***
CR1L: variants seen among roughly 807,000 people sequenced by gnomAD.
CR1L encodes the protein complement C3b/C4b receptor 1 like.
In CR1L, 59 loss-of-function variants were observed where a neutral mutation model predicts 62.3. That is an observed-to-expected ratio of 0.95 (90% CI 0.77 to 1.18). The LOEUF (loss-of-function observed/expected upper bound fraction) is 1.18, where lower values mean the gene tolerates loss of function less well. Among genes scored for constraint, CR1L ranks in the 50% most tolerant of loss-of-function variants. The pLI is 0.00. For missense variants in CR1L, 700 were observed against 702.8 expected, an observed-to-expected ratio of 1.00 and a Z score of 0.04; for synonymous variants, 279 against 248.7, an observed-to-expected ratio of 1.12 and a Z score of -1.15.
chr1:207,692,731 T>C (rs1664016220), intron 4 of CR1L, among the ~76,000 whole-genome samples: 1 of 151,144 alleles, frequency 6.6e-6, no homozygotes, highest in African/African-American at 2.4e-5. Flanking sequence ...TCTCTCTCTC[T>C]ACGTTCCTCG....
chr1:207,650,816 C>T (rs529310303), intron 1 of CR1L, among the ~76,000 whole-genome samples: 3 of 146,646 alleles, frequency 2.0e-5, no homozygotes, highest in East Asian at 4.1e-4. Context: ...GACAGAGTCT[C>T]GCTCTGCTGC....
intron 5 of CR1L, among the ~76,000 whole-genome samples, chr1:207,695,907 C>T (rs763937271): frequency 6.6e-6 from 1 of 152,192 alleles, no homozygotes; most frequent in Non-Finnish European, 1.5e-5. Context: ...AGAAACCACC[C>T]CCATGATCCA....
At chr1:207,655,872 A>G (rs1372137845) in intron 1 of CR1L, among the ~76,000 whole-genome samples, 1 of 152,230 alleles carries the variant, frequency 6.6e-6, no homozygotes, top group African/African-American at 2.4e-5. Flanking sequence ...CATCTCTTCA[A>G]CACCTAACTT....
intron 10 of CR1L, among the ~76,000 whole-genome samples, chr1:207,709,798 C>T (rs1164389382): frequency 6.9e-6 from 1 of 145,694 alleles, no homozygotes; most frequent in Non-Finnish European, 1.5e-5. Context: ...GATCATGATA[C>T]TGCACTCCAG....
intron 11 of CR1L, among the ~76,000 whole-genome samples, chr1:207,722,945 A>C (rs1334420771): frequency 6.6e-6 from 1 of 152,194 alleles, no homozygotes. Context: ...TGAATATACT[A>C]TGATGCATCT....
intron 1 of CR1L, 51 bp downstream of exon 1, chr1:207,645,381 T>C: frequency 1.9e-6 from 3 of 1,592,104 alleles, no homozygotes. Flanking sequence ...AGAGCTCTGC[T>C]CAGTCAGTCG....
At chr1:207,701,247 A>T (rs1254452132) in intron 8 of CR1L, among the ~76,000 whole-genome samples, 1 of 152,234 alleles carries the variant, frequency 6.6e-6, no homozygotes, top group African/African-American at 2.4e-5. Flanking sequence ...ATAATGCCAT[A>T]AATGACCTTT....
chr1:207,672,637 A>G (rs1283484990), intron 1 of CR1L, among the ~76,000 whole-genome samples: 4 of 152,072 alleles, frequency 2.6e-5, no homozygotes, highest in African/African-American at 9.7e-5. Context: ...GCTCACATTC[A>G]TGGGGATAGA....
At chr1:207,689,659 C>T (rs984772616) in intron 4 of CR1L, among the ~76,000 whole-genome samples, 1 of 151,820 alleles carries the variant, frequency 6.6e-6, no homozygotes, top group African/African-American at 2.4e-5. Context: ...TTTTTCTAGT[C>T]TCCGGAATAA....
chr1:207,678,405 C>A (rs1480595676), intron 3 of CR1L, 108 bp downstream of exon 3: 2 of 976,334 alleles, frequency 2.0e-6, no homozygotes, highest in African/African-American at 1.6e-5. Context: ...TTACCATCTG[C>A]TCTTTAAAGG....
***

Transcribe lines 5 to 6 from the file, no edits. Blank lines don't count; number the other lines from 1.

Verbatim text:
chr1:207,650,816 C>T (rs529310303), intron 1 of CR1L, among the ~76,000 whole-genome samples: 3 of 146,646 alleles, frequency 2.0e-5, no homozygotes, highest in East Asian at 4.1e-4. Context: ...GACAGAGTCT[C>T]GCTCTGCTGC....
intron 5 of CR1L, among the ~76,000 whole-genome samples, chr1:207,695,907 C>T (rs763937271): frequency 6.6e-6 from 1 of 152,192 alleles, no homozygotes; most frequent in Non-Finnish European, 1.5e-5. Context: ...AGAAACCACC[C>T]CCATGATCCA....